Copyright is a right in property and (per Lord Hope) in English law there’s no time limit on claims to copyright (though the position is less certain in Scotland).
So held in the case involving famous band Procol Harum where Matthew Fisher (now a programmer, interestingly), who was responsible for the famous organ solo in the band’s classic song A Whiter Shade of Pale, sued (many years after the event) for recognition that:
- he was a co-author of that song,
- he was a joint owner in its musical copyright (40% share), and
- the licence to exploit the work was revoked in 2005.
All 3 declarations were agreed by the House of Lords, except that the last point might need changing to keep open an issue as to whether the original record company’s rights had been assigned to another party.
One key lesson (this is not legal advice, just general information, seek specific advice on your own situation etc): especially when using session musicians (a slightly different situation, I know), it looks like it would be a good idea to make sure that:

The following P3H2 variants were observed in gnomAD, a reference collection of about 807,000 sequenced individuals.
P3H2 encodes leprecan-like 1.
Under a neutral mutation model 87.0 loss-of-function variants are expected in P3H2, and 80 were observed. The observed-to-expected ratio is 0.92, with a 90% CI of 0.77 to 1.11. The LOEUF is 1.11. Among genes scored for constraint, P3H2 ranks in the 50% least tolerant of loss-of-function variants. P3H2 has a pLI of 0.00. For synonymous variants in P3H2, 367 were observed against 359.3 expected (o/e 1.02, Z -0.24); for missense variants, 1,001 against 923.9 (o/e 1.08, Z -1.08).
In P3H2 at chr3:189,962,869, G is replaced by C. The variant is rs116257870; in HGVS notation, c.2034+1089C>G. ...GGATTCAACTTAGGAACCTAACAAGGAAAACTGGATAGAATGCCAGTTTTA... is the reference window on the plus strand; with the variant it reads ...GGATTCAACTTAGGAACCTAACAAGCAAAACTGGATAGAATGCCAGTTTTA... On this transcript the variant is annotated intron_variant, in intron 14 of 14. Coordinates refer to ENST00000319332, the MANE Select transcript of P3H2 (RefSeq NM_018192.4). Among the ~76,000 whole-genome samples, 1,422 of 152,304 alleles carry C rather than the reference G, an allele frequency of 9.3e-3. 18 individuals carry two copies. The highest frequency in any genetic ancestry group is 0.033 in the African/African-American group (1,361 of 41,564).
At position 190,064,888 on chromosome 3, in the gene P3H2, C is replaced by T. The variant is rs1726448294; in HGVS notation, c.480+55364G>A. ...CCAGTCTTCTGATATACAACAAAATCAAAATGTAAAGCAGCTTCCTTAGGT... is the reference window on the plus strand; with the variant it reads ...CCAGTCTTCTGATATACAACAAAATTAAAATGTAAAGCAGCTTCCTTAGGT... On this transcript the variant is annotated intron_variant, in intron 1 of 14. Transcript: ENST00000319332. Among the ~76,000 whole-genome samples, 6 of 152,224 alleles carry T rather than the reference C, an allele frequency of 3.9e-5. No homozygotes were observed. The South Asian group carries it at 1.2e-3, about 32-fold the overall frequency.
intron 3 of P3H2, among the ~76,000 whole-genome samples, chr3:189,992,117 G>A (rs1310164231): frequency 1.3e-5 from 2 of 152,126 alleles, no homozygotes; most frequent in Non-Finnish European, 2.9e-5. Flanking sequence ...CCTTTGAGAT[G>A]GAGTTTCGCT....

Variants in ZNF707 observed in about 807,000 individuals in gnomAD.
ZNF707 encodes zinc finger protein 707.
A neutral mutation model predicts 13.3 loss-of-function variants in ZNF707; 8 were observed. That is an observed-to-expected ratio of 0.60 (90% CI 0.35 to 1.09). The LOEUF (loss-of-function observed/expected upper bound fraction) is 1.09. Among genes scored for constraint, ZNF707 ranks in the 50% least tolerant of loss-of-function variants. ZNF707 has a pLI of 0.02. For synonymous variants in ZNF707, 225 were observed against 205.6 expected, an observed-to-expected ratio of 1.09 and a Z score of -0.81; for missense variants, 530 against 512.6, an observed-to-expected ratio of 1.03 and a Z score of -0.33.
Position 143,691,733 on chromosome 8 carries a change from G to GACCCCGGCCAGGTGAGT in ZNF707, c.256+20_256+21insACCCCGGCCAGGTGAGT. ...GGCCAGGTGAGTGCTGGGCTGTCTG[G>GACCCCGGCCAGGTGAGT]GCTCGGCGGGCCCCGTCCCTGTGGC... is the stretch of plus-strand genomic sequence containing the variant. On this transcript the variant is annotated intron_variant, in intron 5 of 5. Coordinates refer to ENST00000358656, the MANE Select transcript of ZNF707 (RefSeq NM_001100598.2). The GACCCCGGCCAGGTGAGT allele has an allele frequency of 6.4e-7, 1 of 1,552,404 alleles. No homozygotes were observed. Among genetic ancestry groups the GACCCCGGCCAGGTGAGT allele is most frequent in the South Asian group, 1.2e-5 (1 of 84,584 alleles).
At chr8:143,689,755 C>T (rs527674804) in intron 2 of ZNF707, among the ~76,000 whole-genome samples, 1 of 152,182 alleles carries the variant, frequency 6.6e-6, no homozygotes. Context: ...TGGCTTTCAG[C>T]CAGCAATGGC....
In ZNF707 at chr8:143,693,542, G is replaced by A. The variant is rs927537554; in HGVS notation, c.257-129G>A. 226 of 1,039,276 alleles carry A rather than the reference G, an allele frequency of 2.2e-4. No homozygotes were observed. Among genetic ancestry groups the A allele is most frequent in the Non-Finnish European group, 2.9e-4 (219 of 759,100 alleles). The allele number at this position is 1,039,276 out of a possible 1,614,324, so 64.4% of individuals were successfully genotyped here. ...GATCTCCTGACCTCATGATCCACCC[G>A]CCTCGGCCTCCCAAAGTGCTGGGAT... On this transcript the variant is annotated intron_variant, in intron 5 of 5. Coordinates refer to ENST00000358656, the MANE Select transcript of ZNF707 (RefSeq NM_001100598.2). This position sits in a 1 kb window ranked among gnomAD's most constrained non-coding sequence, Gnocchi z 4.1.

- their rights are assignable (if they’re over 18, that would help!), and
- all their rights are in fact expressly assigned by the session musicians, including copyright in any riffs etc they make up.
I’m not an IP lawyer or even music copyright lawyer (yet), but I’d certainly thought things through enough that when I made a recording of my own music a few years ago I got an assignment signed by the session musicians I’d used (who’d been paid a fee for their services).
I’ve just skimmed the judgment, I’ve not read the case thoroughly yet; I may update this blog post once I do.
- BBC news report
- Full judgment Fisher (Original Respondent and Cross-appellant) v Brooker and others (Original Appellants and Cross-respondents),  UKHL 41 (PDF version)
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